$150,000 headed to N.D. grape group

FARGO, N.D. -- The North Dakota Grape Growers Association was notified Oct. 20 that it will receive a $30,000 grant from the U.S. Department of Agriculture. That's another $120,000 of state funds for development in the state.

FARGO, N.D. -- The North Dakota Grape Growers Association was notified Oct. 20 that it will receive a $30,000 grant from the U.S. Department of Agriculture. That's another $120,000 of state funds for development in the state.

"This will help our industry on a variety of fronts," says Greg Krieger of Galesburg, N.D., a crop consultant and president of the grape growers, who help lead the newly formed state Grape and Wine Program Committee. The committee met for the first time Sept. 17 and likely will meet in November to consider their next steps.

The 2009 Legislature approved spending up to $250,000 for the 2009 to '10 biennium, on 4-to-1 match of state general funds to other private or grant funds. It would take $62,500 in matching dollars to trigger all of the appropriation. USDA's Specialty Crop Block Grant, administered through the North Dakota Department of Agriculture, qualifies as a match.

There are 34 vineyards in the state in 19 of the state's 53 counties. Growers have some 18,000 grape vines, according to the association. As with other crops, grapes suffered this year from not getting enough heat units to ripen the grapes.

"We delayed harvest as long as we could get them ripe, but it was a battle," says Krieger, who operates Long Shadow Vineyard. This growing season came after the second year in a row of colder-than-average temperatures and increased winterkill.


Setting standards

The new Grape and Wine Program Committee is focused on improving the industry.

In mid-September, the new committee met for the first time and talked, among other things, about where it might spend some of the funding, assuming that the matching grant could be acquired.

Variety research is one of the initial objectives, Krieger says.

"What we really need are some good-quality, cold-hardy, early-maturing wine grape varieties that will thrive in our state," Krieger says.

NDSU is doing some varietal screenings.

"There are some varieties that live here, but so many of them have a shortcoming in one area or another -- maybe they're not hardy enough; maybe they can't mature in our seasons or don't make good win," he says.

The group discussed preliminary goals for variety standards.


Red varieties, for example, would need to have moderate tannin structure and would need to survive at 40 below zero Fahrenheit. They would need to achieve 23 percent sugar content and a pH level of 3.3.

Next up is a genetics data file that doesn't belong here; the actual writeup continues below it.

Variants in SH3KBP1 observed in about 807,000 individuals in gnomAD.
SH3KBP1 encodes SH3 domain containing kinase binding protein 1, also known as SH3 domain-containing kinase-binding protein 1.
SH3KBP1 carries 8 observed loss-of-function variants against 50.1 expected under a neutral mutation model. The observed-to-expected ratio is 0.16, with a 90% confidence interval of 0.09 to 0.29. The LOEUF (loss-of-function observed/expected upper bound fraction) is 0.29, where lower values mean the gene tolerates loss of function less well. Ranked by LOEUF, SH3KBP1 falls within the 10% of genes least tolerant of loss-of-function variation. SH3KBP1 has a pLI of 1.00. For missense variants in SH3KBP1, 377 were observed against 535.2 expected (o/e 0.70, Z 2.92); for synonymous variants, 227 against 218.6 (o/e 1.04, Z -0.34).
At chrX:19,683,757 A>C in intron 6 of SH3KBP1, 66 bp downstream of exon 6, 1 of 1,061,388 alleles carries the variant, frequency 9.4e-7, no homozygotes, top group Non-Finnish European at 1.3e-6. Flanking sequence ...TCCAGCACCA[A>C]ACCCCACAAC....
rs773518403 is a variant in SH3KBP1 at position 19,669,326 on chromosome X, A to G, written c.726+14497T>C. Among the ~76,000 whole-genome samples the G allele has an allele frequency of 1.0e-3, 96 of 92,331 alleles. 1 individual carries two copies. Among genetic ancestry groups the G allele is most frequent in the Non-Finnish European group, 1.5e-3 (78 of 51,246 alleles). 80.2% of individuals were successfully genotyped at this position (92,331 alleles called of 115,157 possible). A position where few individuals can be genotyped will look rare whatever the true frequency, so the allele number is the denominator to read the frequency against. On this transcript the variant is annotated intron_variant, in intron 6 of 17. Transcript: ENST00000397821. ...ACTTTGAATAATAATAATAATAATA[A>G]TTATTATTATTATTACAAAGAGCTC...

White grapes, on the other hand, need to achieve 20 percent sugar and a pH of 3.2. Both would need to ripen with growing degree days, using GDD parameters similar to the corn production. Grapes are perennials and their GDDs are measured from May 1.

Krieger says the committee hopes for some rapid screening of cultivars. Under normal conditions, it takes five years or more to grow a new variety from seed and to the wine production, which can be evaluated.

Recent Minnesota releases -- Marquette, Frontenac, Frontenac gris and La Crescent -- came with great expectations, but it turns out they aren't cold-hardy enough for much of North Dakota, Krieger says. Those four varieties currently account for one in three wine grape vines grown in the state.

"They shouldn't be planted in cold locations," Krieger says.

"Plus, I think they need closer to 2,200 GDDs for ripeness, or even 2,300," Krieger says. "That might be a very good group of varieties for South Dakota, but too tender and too long-seasoned for much of North Dakota."

Growing the industry

Krieger says the committee also will work on ways to encourage more wineries and more grapes being grown in the state. Grower education and public awareness about such things as herbicide spray drift will be a part of that.


The committee already decided to spend some of the expected grant funding on hiring Mark Hart, owner of Mount Ashwabay Vineyard and Orchard of Bayfield, Wis., as a consultant to study the state's existing facilities and future needs.

The committee was officially established July 1, and members were selected in late August. They include Krieger, as a designee of the North Dakota commissioner of agriculture; Tom Plocher of Hugo, Minn., designee of the North Dakota State University vice president for agriculture and university extension; Jeff Peterson, Burlington, N.D., designee of the North Dakota governor; Jacob Belanger of Hawley, Minn., designee of the Department of Commerce; Rodney Howe of Hettinger, N.D., chairman of the State Board of Agricultural Research and Education; Rod Ballinger of Fargo, N.D., and Allen Verbitsky of Sawyer, N.D, both designees of the North Dakota Grape Growers Association.

Ballinger, owner of Bear Creek Winery in south Fargo, was named chairman of the committee. Members serve two-year terms, beginning in the first of each odd-numbered year and may be reappointed. The growers association, which includes wineries and grape growers, appoints one of its two designees to the chairmanship.

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